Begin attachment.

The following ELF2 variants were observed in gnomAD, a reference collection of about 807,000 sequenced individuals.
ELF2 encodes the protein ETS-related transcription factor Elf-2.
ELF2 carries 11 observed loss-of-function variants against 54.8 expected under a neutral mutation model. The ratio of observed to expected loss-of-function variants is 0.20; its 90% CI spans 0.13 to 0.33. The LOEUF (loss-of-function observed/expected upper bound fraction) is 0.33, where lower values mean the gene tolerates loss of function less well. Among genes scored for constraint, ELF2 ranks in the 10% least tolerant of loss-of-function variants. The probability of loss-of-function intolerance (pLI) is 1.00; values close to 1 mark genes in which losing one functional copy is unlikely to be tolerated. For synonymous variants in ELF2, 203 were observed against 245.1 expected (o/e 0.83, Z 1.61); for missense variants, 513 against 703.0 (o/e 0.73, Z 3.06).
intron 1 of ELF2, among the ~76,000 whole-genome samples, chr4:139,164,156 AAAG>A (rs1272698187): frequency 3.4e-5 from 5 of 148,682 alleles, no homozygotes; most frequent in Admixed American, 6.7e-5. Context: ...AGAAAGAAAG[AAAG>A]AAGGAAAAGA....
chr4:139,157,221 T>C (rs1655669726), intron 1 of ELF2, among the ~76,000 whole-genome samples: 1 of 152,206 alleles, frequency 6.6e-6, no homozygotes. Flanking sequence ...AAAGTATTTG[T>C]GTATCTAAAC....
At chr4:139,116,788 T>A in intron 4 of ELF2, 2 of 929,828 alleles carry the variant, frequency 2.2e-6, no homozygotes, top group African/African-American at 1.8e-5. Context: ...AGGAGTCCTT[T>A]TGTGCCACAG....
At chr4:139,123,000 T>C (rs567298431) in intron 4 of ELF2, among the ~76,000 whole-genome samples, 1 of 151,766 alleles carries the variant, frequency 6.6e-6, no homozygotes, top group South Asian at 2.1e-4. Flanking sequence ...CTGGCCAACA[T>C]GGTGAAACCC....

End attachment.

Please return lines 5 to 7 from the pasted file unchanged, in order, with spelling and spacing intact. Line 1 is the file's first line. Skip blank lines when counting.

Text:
chr4:139,157,221 T>C (rs1655669726), intron 1 of ELF2, among the ~76,000 whole-genome samples: 1 of 152,206 alleles, frequency 6.6e-6, no homozygotes. Flanking sequence ...AAAGTATTTG[T>C]GTATCTAAAC....
At chr4:139,116,788 T>A in intron 4 of ELF2, 2 of 929,828 alleles carry the variant, frequency 2.2e-6, no homozygotes, top group African/African-American at 1.8e-5. Context: ...AGGAGTCCTT[T>A]TGTGCCACAG....
At chr4:139,123,000 T>C (rs567298431) in intron 4 of ELF2, among the ~76,000 whole-genome samples, 1 of 151,766 alleles carries the variant, frequency 6.6e-6, no homozygotes, top group South Asian at 2.1e-4. Flanking sequence ...CTGGCCAACA[T>C]GGTGAAACCC....